My favorite New York Times philosopher, David Brooks, was at it again, breaking down people’s views of marriage into three separate categories.
First, is the psychological view of marriage.
The psychologists want you to think analytically as well as romantically about whom to marry. Pay attention to traits. As Ty Tashiro wrote in “The Science of Happily Ever After,” you want to marry someone who scores high in “agreeableness,” someone who has a high concern for social harmony, who is good at empathy, who is nice. You want to avoid people who score high in neuroticism — who are emotionally unstable or prone to anger.
Don’t think negative traits will change over time, Tashiro wrote, because they are constant across a lifetime. Don’t focus on irrelevant factors, like looks. Don’t filter out or rationalize away negative information about a partner or relationship.
Love itself is what is left over when being in love has burned away, and this is both an art and fortunate accident.
Second is the romantic view.
Their logic is that you need a few years of passionate love to fuse you together so you’ll stay together when times get hard. It’s a process beautifully described by a character in Louis de Bernières’s novel “Corelli’s Mandolin”:
“Love itself is what is left over when being in love has burned away, and this is both an art and fortunate accident. Your mother and I had it. We had roots that grew toward each other underground, and when all the pretty blossoms had fallen from our branches we found that we were one tree and not two.”
Finally, Brooks brings up a moral view of marriage – an institution that is designed to make us better people:
The everyday tasks of marriage are opportunities to cultivate a more selfless love. Everyday there’s a chance to inspire and encourage your partner to become his or her best self. In this lens, marriage isn’t about two individuals trying to satisfy their own needs; it’s a partnership of mutual self-giving for the purpose of moral growth and to make their corner of the world a little better.
I think this is pretty astute and that these categories are not mutually exclusive but, in fact, highly overlapping.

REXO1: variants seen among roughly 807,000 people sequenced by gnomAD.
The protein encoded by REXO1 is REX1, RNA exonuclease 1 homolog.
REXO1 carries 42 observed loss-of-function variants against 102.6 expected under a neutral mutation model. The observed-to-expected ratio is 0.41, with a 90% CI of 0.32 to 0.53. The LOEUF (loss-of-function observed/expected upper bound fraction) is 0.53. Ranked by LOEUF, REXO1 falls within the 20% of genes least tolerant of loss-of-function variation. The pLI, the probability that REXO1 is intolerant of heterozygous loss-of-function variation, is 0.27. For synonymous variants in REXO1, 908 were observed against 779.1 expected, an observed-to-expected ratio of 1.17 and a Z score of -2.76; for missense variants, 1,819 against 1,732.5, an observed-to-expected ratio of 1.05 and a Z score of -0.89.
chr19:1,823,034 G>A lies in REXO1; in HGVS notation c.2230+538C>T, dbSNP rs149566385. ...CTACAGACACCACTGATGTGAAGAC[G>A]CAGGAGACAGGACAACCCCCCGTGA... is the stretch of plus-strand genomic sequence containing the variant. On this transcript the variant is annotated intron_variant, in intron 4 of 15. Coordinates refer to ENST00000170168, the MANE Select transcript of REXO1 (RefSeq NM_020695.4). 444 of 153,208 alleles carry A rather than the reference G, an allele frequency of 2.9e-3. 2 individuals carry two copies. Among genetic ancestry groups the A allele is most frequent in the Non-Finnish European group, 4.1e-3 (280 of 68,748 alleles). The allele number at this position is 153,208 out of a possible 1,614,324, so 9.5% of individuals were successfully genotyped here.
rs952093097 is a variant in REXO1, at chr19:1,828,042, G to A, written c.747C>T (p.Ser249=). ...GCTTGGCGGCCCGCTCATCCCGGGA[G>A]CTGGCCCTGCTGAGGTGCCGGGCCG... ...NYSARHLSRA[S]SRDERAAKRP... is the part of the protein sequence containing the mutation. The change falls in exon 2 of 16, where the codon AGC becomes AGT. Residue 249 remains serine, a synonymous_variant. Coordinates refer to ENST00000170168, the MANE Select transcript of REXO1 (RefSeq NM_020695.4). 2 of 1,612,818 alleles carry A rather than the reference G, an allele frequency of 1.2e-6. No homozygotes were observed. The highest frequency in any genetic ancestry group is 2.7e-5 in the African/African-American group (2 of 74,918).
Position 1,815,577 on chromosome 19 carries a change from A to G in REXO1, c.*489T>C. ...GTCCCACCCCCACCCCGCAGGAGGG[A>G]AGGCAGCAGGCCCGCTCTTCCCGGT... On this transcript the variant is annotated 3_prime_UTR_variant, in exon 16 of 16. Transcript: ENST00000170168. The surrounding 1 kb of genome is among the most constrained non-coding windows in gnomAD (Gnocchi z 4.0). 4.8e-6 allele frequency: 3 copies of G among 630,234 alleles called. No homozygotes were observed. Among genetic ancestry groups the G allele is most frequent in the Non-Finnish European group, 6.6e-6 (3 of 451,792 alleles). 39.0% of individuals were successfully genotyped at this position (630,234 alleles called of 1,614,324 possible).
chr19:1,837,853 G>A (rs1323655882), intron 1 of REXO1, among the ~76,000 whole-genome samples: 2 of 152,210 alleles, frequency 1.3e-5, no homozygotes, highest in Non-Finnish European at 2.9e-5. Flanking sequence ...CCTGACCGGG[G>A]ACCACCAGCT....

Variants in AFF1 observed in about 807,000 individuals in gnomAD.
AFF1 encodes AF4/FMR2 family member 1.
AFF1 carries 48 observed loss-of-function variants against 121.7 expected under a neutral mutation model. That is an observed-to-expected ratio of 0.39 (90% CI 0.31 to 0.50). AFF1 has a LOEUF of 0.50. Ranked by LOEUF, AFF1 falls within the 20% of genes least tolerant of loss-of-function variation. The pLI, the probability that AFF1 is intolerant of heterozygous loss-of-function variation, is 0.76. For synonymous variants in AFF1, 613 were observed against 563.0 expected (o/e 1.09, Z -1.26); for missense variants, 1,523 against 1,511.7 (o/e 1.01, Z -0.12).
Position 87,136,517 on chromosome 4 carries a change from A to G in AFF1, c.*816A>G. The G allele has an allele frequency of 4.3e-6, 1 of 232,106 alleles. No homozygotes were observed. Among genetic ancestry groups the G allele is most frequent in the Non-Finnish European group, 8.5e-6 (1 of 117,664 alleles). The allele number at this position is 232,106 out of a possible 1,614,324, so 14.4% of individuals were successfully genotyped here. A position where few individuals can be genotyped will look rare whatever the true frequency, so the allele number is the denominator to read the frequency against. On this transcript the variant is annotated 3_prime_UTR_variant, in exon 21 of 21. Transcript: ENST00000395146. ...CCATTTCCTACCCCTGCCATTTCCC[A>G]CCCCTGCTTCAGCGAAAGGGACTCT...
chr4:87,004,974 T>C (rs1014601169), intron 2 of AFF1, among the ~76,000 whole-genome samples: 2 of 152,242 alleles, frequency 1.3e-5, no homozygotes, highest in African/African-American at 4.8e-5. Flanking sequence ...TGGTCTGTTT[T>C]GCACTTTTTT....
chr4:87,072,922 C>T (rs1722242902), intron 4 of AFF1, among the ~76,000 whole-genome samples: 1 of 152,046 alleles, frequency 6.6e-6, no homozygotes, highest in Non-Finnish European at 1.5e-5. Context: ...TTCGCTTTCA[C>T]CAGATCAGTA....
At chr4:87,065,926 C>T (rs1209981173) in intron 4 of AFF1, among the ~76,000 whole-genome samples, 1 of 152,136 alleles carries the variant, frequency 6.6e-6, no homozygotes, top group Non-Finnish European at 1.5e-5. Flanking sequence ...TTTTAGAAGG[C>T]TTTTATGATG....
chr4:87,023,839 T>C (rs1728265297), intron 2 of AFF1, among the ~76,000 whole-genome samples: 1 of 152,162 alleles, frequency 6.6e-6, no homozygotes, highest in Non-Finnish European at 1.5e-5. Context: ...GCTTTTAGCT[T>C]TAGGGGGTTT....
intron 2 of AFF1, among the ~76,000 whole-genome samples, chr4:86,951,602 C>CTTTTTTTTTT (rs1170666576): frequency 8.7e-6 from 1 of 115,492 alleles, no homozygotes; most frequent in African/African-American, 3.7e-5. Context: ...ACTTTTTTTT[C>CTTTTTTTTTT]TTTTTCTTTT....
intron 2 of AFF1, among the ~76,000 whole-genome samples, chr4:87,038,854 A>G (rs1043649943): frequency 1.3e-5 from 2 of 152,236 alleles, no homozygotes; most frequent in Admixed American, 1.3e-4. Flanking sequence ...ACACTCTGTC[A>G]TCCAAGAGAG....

Passion won’t save you if your partner is selfish or a bad communicator or untrustworthy, so better to seek out high character partners than to be driven by lust and hope that your lustful decision also happens to be a good person, too.
For most people, the romantic love comes first. If you felt that passion in the first few years, you’re willing to fight hard for the relationship when it inevitably fades away. I think this has a basis in truth, but I often caution people against making this romantic passion a prerequisite. The point being that you eventually end up in the same place in 10 years or 40 years, so why do the first two years have to be filled with butterflies to be successful?
Predictably, I take the psychologist’s view when it comes to giving relationship advice. Passion won’t save you if your partner is selfish or a bad communicator or untrustworthy, so better to seek out high character partners than to be driven by lust and hope that your lustful decision also happens to be a good person, too.
As for Brooks’ final view of marriage – the moral one – I think he’s absolutely right: marriage DOES make you a better person. It does present you with your own flaws every day. It does force you to be kinder, more selfless, more self-aware, more compromising. However, I think that’s only the byproduct of being a spouse; I don’t think people go into marriage to learn how to be the best version of themselves.
Your thoughts, as always, are appreciated.